Status: not present in WA
Native to tropical South America north to Mexico and to the Caribbean Islands, but now widespread throughout the tropics.
Perennial shrub up to seven metres tall when growing in the open or up to 20 metres as a climber; distinguished by the pungent odour of the leaves when crushed, its abundant white to pink flowers, and its soft green opposite leaves each with three prominent veins.
Stems: Stem with soft pith, soft at tip but soon becoming woody.
Flowers: Showy terminal flat-topped clusters of white to pale lilac heads of flowers. Flowers in winter.
Leaves: Triangular, 5–12 centimetres long, with forward facing hollow teeth on the margins, borne in opposite pairs, on stalks to six centimetres long.
Seeds: Brown to black, four to five millimetres long, with parachute-like hairs (pappus) four to five millimetres long at the top of the seed, white at first, but turning brown when mature.
Plant dispersal occurs primarily by seeds that are spread by wind and water. Seeds may be blown long distances and also moved in mud on machinery, clothing and recreational vehicles.
Agricultural and economic impacts
Siam weed is a serious weed of tropical and subtropical coastal areas where the rainfall exceeds 1000 millimetres/annum. It dies back to the crown in dry periods, re-shooting again after rain. It has caused death of cattle in other countries, and can cause allergic reactions in humans. The first outbreak in Australia was in 1994 along the Tully River, Queensland. It is also found on the Cocos (Keeling) Islands.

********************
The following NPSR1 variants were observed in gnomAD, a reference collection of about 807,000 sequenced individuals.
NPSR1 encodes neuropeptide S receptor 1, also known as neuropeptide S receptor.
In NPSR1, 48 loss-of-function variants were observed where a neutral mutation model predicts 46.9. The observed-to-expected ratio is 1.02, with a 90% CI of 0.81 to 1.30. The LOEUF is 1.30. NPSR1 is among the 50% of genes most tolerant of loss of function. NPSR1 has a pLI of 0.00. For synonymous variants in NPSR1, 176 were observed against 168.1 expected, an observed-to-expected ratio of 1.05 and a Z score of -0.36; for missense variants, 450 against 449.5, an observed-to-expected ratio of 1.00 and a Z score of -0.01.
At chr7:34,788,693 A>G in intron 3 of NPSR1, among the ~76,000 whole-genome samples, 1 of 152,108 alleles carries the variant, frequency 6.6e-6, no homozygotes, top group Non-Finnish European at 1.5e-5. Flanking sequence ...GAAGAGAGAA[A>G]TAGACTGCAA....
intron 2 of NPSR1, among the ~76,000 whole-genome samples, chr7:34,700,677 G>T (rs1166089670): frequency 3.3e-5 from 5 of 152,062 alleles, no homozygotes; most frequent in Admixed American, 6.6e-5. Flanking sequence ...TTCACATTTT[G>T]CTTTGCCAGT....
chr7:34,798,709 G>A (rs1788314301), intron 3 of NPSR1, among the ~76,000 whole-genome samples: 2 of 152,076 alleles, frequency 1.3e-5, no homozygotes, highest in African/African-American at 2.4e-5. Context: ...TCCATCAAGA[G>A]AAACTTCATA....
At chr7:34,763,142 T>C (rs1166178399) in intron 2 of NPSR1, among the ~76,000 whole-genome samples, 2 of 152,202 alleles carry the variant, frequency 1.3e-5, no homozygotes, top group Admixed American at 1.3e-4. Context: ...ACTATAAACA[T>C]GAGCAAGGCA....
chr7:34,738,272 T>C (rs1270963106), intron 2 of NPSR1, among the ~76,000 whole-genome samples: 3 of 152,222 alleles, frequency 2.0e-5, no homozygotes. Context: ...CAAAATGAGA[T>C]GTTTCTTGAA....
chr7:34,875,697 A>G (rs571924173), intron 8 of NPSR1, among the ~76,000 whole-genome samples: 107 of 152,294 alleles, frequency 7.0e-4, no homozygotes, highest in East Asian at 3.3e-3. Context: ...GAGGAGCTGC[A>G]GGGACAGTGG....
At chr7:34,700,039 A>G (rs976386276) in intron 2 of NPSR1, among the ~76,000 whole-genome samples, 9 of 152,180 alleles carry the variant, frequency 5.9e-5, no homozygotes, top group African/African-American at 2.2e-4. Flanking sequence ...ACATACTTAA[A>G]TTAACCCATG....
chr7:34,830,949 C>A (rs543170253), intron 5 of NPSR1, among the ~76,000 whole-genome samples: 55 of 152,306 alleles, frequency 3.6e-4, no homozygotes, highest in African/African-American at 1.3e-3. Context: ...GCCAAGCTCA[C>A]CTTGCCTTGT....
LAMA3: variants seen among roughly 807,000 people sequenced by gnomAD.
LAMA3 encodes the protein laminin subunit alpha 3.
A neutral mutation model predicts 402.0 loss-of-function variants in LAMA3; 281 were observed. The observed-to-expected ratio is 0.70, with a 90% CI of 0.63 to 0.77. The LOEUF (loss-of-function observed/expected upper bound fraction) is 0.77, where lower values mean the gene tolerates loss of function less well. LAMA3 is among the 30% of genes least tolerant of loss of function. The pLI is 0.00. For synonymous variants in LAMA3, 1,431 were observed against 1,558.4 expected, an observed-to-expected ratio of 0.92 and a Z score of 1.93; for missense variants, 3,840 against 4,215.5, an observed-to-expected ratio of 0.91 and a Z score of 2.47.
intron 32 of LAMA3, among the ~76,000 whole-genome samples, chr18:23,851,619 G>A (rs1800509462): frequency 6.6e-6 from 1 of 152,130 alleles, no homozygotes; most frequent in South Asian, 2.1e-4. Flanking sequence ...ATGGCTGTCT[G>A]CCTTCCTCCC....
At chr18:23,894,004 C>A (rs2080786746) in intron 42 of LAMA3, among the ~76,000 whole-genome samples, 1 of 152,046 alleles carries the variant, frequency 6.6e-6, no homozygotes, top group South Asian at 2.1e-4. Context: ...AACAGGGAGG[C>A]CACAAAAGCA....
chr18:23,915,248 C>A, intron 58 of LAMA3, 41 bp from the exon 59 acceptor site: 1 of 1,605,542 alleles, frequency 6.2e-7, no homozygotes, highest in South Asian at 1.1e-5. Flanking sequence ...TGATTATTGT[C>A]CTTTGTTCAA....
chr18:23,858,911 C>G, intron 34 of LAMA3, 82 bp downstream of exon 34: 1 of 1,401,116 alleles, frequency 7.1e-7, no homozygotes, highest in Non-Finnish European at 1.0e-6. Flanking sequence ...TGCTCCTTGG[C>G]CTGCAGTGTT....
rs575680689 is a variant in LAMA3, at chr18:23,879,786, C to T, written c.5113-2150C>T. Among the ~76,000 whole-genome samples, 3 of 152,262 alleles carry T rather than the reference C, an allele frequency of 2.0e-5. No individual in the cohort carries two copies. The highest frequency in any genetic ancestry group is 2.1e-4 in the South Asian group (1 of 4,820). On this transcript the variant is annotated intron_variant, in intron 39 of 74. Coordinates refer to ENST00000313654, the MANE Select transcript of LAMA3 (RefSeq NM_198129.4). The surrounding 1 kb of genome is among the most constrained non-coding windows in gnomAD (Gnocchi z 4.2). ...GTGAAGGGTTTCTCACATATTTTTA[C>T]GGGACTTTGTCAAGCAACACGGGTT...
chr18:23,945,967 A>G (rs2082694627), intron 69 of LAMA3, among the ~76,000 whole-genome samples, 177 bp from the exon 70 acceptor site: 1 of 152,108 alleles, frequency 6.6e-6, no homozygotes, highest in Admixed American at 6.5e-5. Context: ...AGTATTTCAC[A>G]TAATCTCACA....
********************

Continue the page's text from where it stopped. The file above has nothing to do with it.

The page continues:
Declared pest category
The Western Australian Organism List (WAOL) contains information on the area(s) in which this pest is declared and the control and keeping categories to which it has been assigned in Western Australia (WA). Search for siam weed in the WAOL using the scientific name Chromolaena odorata.
Requirements for land owners/occupiers and other persons
Requirements for land owners/occupiers and other persons if this pest is found can be sourced through the declared plant requirements link.
Search > detect > report
Pest and Disease Information Service (PaDIS)
Control methods for this declared plant can be found through the siam weed control link.